Multi-Family or Single-Family?

In this article we compare and contrast multi-family properties vs. single-family properties as investments.

No Simple Answer

There is no simple answer to the question, "Is multi-family or single-family a better investment?" We believe that the property type is not important. What is important is whether the property meets the following criteria:

  • Sustained profitability.
  • Likely to appreciate over time.
  • Located in an area with acceptable business risk.

The property that best meets the above criteria is the property you should buy. Also, the best property may change over time even in the same location. The best buy today may be a single family and a month later a multi-family. Let the numbers be your guide on property selection, not any pre-conceived bias.

Objective Differences

The following table shows some of the more objective differences between single-family and multi-family. Note that the comparison is based on a four-plex or less. If there are more than 4 units, the transaction requires commercial financing, which is a more complex and expensive proposition.

  Single Family Multi Family
Financing 20% down If 4 units or less, 20% down
Primary market value determination Market value of similar homes Cap Rate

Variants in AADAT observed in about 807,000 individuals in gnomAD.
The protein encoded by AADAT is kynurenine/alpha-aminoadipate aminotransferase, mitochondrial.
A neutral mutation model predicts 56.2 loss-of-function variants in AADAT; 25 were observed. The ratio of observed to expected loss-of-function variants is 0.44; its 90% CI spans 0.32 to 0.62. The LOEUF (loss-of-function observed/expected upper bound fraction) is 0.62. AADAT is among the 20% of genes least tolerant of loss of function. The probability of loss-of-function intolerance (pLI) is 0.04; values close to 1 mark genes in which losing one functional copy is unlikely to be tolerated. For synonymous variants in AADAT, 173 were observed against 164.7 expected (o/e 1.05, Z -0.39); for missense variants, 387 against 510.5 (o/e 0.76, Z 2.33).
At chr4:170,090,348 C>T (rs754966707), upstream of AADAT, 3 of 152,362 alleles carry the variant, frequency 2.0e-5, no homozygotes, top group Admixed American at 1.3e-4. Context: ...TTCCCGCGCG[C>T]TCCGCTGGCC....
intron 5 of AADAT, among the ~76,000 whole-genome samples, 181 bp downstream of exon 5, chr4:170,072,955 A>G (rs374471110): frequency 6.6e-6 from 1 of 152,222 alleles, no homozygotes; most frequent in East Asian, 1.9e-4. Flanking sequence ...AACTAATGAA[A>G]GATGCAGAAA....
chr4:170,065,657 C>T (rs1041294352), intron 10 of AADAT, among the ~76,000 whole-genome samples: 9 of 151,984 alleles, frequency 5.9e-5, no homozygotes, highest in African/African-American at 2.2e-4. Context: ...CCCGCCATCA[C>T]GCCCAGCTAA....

Vacancy consideration All or nothing Incremental - Each unit is a separate residence
Cost to rent One fee Each unit costs the same a single family home
Market competition Other single family homes Condos and apartments
Typical tenant Families with children Individuals or couples without children
Tenant stability Very stable due to children Less stable, nothing ties them to the location
Future buyer Home buyers or investors Only investors
Maintenance cost $ $$$

Subjective Differences

  • Appreciation - While you would never buy a property solely for appreciation, appreciation is desirable. With single-family properties, the resale value is the single family market value or the cap rate, which ever is higher. With multi-family, appreciation is largely based on the Cap rate since the only buyer is another investor. The cap rate only increases if Rents / Recurring Costs increases.
  • Vacancy Rate - Tenants for single-family properties typically come from a very different pool than multi-family properties. For multi-family properties, condos and apartments are direct competition. With single family homes, only other single family homes are competition.
  • Property taxes - The rate for single-family taxes might be different than for multi-family.
  • Tenant interactions - Single-family homes are typically more isolated than multi family. Thus, the odds of conflict between tenants in a multi family are higher than a single family property.

In Summary

We do not believe that the type of property matters. What matters is satisfying the three property criteria. Always look for the best property, do not let pre-conceived bias cloud your selection.